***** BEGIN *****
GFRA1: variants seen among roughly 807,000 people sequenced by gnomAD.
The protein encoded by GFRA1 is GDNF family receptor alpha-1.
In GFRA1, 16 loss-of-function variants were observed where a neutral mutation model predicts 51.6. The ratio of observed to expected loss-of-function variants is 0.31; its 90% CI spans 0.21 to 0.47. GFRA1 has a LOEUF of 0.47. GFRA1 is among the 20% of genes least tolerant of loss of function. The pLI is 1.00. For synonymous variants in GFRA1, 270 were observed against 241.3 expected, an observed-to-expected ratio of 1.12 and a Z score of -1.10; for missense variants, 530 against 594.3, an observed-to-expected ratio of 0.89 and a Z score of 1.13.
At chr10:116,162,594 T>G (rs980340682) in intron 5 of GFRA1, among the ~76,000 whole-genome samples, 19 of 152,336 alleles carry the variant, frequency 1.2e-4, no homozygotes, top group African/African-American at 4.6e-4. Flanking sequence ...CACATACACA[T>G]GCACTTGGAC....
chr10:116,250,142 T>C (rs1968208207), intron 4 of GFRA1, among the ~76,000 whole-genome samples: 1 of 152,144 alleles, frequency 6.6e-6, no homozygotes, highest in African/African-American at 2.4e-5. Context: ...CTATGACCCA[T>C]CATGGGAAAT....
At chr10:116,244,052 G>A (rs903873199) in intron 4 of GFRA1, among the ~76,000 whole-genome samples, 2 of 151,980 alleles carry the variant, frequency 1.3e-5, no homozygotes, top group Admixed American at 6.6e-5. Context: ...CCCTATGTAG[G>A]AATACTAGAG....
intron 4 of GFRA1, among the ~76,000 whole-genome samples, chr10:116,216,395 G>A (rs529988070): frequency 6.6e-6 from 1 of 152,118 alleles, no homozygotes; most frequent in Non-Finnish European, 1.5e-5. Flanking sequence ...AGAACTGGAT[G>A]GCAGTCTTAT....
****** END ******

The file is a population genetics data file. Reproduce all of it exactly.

GFRA1: variants seen among roughly 807,000 people sequenced by gnomAD.
The protein encoded by GFRA1 is GDNF family receptor alpha-1.
In GFRA1, 16 loss-of-function variants were observed where a neutral mutation model predicts 51.6. The ratio of observed to expected loss-of-function variants is 0.31; its 90% CI spans 0.21 to 0.47. GFRA1 has a LOEUF of 0.47. GFRA1 is among the 20% of genes least tolerant of loss of function. The pLI is 1.00. For synonymous variants in GFRA1, 270 were observed against 241.3 expected, an observed-to-expected ratio of 1.12 and a Z score of -1.10; for missense variants, 530 against 594.3, an observed-to-expected ratio of 0.89 and a Z score of 1.13.
At chr10:116,162,594 T>G (rs980340682) in intron 5 of GFRA1, among the ~76,000 whole-genome samples, 19 of 152,336 alleles carry the variant, frequency 1.2e-4, no homozygotes, top group African/African-American at 4.6e-4. Flanking sequence ...CACATACACA[T>G]GCACTTGGAC....
chr10:116,250,142 T>C (rs1968208207), intron 4 of GFRA1, among the ~76,000 whole-genome samples: 1 of 152,144 alleles, frequency 6.6e-6, no homozygotes, highest in African/African-American at 2.4e-5. Context: ...CTATGACCCA[T>C]CATGGGAAAT....
At chr10:116,244,052 G>A (rs903873199) in intron 4 of GFRA1, among the ~76,000 whole-genome samples, 2 of 151,980 alleles carry the variant, frequency 1.3e-5, no homozygotes, top group Admixed American at 6.6e-5. Context: ...CCCTATGTAG[G>A]AATACTAGAG....
intron 4 of GFRA1, among the ~76,000 whole-genome samples, chr10:116,216,395 G>A (rs529988070): frequency 6.6e-6 from 1 of 152,118 alleles, no homozygotes; most frequent in Non-Finnish European, 1.5e-5. Flanking sequence ...AGAACTGGAT[G>A]GCAGTCTTAT....